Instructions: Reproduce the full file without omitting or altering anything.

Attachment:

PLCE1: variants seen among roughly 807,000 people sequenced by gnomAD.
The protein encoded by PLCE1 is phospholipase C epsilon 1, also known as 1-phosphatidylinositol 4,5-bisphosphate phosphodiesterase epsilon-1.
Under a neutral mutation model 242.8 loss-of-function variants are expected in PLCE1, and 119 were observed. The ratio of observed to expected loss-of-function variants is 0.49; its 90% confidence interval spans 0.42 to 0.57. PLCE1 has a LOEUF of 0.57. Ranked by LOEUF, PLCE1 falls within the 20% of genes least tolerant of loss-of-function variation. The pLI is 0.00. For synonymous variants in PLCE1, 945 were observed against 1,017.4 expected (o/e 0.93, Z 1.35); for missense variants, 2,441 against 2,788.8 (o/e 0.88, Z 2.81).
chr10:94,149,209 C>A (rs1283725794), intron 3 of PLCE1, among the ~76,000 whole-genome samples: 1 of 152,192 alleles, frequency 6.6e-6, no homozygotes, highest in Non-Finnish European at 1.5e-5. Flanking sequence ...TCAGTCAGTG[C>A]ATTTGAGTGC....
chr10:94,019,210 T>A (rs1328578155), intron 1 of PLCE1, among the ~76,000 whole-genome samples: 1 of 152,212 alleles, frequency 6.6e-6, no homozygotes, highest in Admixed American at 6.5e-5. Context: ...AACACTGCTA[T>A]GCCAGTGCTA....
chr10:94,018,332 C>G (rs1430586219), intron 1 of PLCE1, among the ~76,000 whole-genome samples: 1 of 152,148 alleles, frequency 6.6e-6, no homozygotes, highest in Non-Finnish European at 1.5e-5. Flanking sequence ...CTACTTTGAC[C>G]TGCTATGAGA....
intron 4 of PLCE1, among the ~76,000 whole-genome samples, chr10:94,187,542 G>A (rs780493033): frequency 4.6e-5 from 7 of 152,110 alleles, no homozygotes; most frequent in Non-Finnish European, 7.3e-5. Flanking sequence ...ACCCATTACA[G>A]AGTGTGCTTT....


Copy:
PLCE1: variants seen among roughly 807,000 people sequenced by gnomAD.
The protein encoded by PLCE1 is phospholipase C epsilon 1, also known as 1-phosphatidylinositol 4,5-bisphosphate phosphodiesterase epsilon-1.
Under a neutral mutation model 242.8 loss-of-function variants are expected in PLCE1, and 119 were observed. The ratio of observed to expected loss-of-function variants is 0.49; its 90% confidence interval spans 0.42 to 0.57. PLCE1 has a LOEUF of 0.57. Ranked by LOEUF, PLCE1 falls within the 20% of genes least tolerant of loss-of-function variation. The pLI is 0.00. For synonymous variants in PLCE1, 945 were observed against 1,017.4 expected (o/e 0.93, Z 1.35); for missense variants, 2,441 against 2,788.8 (o/e 0.88, Z 2.81).
chr10:94,149,209 C>A (rs1283725794), intron 3 of PLCE1, among the ~76,000 whole-genome samples: 1 of 152,192 alleles, frequency 6.6e-6, no homozygotes, highest in Non-Finnish European at 1.5e-5. Flanking sequence ...TCAGTCAGTG[C>A]ATTTGAGTGC....
chr10:94,019,210 T>A (rs1328578155), intron 1 of PLCE1, among the ~76,000 whole-genome samples: 1 of 152,212 alleles, frequency 6.6e-6, no homozygotes, highest in Admixed American at 6.5e-5. Context: ...AACACTGCTA[T>A]GCCAGTGCTA....
chr10:94,018,332 C>G (rs1430586219), intron 1 of PLCE1, among the ~76,000 whole-genome samples: 1 of 152,148 alleles, frequency 6.6e-6, no homozygotes, highest in Non-Finnish European at 1.5e-5. Flanking sequence ...CTACTTTGAC[C>G]TGCTATGAGA....
intron 4 of PLCE1, among the ~76,000 whole-genome samples, chr10:94,187,542 G>A (rs780493033): frequency 4.6e-5 from 7 of 152,110 alleles, no homozygotes; most frequent in Non-Finnish European, 7.3e-5. Flanking sequence ...ACCCATTACA[G>A]AGTGTGCTTT....